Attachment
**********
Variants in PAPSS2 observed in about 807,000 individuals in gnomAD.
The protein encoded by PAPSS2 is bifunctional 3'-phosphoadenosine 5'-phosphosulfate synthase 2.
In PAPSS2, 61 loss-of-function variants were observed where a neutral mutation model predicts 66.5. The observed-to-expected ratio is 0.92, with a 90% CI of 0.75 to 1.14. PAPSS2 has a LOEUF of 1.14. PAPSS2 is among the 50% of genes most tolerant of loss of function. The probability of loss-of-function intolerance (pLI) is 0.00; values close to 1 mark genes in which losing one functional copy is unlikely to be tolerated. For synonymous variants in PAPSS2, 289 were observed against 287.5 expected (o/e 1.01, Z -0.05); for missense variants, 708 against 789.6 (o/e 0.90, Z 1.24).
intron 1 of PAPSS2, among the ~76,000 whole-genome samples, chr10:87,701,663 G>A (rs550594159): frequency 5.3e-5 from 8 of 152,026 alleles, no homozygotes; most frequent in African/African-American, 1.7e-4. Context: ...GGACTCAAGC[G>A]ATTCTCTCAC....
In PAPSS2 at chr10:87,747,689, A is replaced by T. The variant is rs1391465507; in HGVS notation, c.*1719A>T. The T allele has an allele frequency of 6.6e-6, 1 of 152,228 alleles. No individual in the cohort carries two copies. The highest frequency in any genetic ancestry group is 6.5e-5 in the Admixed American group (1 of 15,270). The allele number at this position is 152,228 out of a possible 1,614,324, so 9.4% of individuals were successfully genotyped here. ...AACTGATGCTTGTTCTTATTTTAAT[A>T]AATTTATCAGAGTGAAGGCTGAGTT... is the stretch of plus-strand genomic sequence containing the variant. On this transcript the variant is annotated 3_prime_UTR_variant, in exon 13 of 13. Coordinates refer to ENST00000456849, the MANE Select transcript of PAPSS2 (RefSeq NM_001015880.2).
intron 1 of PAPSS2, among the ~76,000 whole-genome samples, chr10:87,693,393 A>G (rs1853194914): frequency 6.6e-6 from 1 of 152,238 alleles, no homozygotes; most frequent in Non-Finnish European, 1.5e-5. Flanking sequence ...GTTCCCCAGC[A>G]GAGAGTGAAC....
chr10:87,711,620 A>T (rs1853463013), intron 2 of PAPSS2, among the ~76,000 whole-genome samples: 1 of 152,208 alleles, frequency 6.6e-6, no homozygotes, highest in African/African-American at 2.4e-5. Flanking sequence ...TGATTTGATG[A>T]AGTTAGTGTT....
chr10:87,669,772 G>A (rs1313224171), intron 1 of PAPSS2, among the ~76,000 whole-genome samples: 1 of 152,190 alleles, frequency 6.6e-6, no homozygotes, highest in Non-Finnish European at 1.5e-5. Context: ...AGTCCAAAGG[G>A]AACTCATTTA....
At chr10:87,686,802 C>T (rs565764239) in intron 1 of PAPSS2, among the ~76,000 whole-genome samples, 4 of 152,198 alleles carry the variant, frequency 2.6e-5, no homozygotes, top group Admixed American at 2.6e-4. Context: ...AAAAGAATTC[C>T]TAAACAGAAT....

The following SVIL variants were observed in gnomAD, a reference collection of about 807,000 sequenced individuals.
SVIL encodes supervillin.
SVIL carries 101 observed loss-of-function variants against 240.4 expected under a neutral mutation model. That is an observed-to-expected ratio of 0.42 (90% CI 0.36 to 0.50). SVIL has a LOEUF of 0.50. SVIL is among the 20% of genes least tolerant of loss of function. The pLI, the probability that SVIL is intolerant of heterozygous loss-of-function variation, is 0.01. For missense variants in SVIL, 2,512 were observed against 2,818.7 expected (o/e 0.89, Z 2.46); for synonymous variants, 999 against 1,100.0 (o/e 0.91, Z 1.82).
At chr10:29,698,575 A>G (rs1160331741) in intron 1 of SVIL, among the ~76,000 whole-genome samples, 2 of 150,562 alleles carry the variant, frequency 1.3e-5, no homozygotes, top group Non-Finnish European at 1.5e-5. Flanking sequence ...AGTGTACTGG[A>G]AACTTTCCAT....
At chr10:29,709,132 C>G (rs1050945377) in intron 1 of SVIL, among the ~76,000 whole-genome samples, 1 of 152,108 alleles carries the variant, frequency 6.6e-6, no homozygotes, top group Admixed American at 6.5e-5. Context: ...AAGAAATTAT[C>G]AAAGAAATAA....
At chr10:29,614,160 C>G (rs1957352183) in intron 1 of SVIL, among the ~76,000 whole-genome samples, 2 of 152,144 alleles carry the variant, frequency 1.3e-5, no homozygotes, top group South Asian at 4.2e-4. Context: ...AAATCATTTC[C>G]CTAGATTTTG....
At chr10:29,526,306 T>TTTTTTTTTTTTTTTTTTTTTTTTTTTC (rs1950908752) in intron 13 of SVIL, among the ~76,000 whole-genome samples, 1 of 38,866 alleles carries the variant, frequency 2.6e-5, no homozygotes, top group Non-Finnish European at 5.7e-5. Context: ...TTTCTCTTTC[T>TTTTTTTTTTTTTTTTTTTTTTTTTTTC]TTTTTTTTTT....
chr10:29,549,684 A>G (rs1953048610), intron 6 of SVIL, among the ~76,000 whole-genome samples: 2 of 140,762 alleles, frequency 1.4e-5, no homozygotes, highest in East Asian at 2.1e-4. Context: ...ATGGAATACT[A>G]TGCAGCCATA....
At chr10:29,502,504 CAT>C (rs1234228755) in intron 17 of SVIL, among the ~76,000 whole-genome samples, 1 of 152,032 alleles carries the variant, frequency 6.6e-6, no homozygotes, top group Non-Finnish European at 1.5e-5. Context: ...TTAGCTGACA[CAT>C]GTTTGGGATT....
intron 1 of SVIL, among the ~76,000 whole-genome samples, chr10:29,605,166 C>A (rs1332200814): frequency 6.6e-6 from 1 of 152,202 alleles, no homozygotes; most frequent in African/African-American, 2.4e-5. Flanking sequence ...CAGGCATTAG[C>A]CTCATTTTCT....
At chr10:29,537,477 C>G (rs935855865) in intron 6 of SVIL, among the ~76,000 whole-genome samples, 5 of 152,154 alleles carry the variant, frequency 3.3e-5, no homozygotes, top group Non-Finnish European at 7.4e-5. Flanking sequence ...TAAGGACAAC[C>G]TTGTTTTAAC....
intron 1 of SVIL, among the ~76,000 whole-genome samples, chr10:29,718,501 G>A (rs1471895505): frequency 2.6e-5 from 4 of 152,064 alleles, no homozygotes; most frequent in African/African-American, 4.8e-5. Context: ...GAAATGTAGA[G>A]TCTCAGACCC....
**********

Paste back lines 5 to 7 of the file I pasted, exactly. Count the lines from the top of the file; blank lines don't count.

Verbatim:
In PAPSS2 at chr10:87,747,689, A is replaced by T. The variant is rs1391465507; in HGVS notation, c.*1719A>T. The T allele has an allele frequency of 6.6e-6, 1 of 152,228 alleles. No individual in the cohort carries two copies. The highest frequency in any genetic ancestry group is 6.5e-5 in the Admixed American group (1 of 15,270). The allele number at this position is 152,228 out of a possible 1,614,324, so 9.4% of individuals were successfully genotyped here. ...AACTGATGCTTGTTCTTATTTTAAT[A>T]AATTTATCAGAGTGAAGGCTGAGTT... is the stretch of plus-strand genomic sequence containing the variant. On this transcript the variant is annotated 3_prime_UTR_variant, in exon 13 of 13. Coordinates refer to ENST00000456849, the MANE Select transcript of PAPSS2 (RefSeq NM_001015880.2).
intron 1 of PAPSS2, among the ~76,000 whole-genome samples, chr10:87,693,393 A>G (rs1853194914): frequency 6.6e-6 from 1 of 152,238 alleles, no homozygotes; most frequent in Non-Finnish European, 1.5e-5. Flanking sequence ...GTTCCCCAGC[A>G]GAGAGTGAAC....
chr10:87,711,620 A>T (rs1853463013), intron 2 of PAPSS2, among the ~76,000 whole-genome samples: 1 of 152,208 alleles, frequency 6.6e-6, no homozygotes, highest in African/African-American at 2.4e-5. Flanking sequence ...TGATTTGATG[A>T]AGTTAGTGTT....